A national organization that represents university professors and other academics said this week it would launch a formal investigation into Canisius College.
In an email to President John J. Hurley, the national office of the American Association of University Professors (AAUP) said it was concerned about the way in which Canisius dismissed around two dozen faculty members in July, and cut or eliminated nine academic programs.
The AAUP national office, based in Washington, D.C., emailed President Hurley on Monday. According to the email, AAUP Director Julie Schmid made the decision to launch the investigation after reviewing information about this summer’s layoffs.
The advocacy group said it will establish a committee to investigate the layoffs and report back to its Committee on College and University Guidance. The committee will look for violations of academic freedom and tenure in accordance with recommended AAUP standards.
The association’s report cannot shut down the college, but the investigation results will be made publically available and could be a black mark on Canisius’ reputation.
“After conferring with members of the Association’s senior professional staff, our executive director has determined that this case raises significant issues of faculty governance as well as of academic freedom and tenure,” Gregory Scholtz, the AAUP’s director of academic freedom, tenure and governance, wrote in the letter.
“In situations of this kind, which present developments of basic concern to the academic community, our experience has indicated that it is desirable, in fairness to the institution’s administration, to the affected faculty members, and to the institution as a whole, to establish an ad hoc committee composed of persons who have had no previous involvement with the particular matter to conduct its own full inquiry without prejudgment of any kind.”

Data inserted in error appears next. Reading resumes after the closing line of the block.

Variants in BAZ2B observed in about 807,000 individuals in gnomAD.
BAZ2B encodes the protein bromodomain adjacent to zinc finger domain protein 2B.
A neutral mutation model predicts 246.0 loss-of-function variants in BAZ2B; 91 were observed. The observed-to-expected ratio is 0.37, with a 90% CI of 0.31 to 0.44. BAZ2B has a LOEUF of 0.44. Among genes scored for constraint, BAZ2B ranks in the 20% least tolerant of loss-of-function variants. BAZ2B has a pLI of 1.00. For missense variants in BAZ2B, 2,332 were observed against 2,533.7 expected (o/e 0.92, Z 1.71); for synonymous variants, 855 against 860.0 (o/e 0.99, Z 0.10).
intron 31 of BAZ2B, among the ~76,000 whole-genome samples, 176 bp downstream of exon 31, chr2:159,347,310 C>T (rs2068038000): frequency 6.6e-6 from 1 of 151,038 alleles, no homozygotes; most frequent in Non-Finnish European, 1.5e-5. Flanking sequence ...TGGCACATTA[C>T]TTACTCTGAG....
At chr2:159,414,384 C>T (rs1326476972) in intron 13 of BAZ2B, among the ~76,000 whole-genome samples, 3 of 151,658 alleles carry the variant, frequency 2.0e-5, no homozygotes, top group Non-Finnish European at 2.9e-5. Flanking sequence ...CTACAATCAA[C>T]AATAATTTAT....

The administration was notified via another letter on Aug. 6 that an investigation was being considered unless an “appropriate resolution” was reached between it and the faculty.
This letter, again authored by Scholtz, calls the layoffs and program cuts “illegitimate and sharply at odds with widely accepted norms of academic governance, tenure and freedom.”
“We are aware of the AAUP inquiry and received a letter from them this week. At this point, we are awaiting further information from them as to the exact process. At this point, there’s nothing more to comment on,” President Hurley said via email on Thursday.
The AAUP is critical of the cuts because Canisius did not follow regulations set forth in the faculty handbook, something that President Hurley told The Griffin earlier this month was done out of a sense of fiscal urgency.
“We saw a very sharp drop in revenue which created a potential budget deficit that, quite frankly, the college couldn’t afford to run and still remain viable. So, that was driving the planning was a sense of urgency about that,” he said earlier this month.
The faculty handbook is not binding, President Hurley said, and the Board of Trustees does have the power to make decisions outside of it.
“Now, I’m not saying we threw [the handbook] out, there was consultation with the faculty here. We have in the academic program board guidelines and a recognition that we are entitled to eliminate programs and the Board ultimately has a final say in that,” he said.
“The Faculty Handbook is our contract. It is binding,” said Dr. Tanya Loughead, president of the Canisius chapter of the AAUP. “That is the position of the AAUP and that is the position of the Handbook itself, which, in fact, has been accepted by the trustees and the administration.”
Dr. Loughead said the following is direct from the handbook: “The Faculty Handbook is part of the contract of full-time faculty of Canisius College. It is an official document of the College.”
The AAUP investigation will include interviews, a study of college documents, a review of actions of individuals and committees, and statements from faculty, the administration and trustees.
Interviews are scheduled to begin soon, the spokesperson said.
The AAUP has investigated other colleges and universities before for similar reasons, with the reports published to the AAUP’s website and in Academe, the association’s magazine.
Some schools previously investigated by the association include Greenville University in Greenville, Ill., for terminating a tenured professor due to a “budgetary shortfall,” and St. Edward’s University in Austin, Texas, for firing two tenured professors with no due process.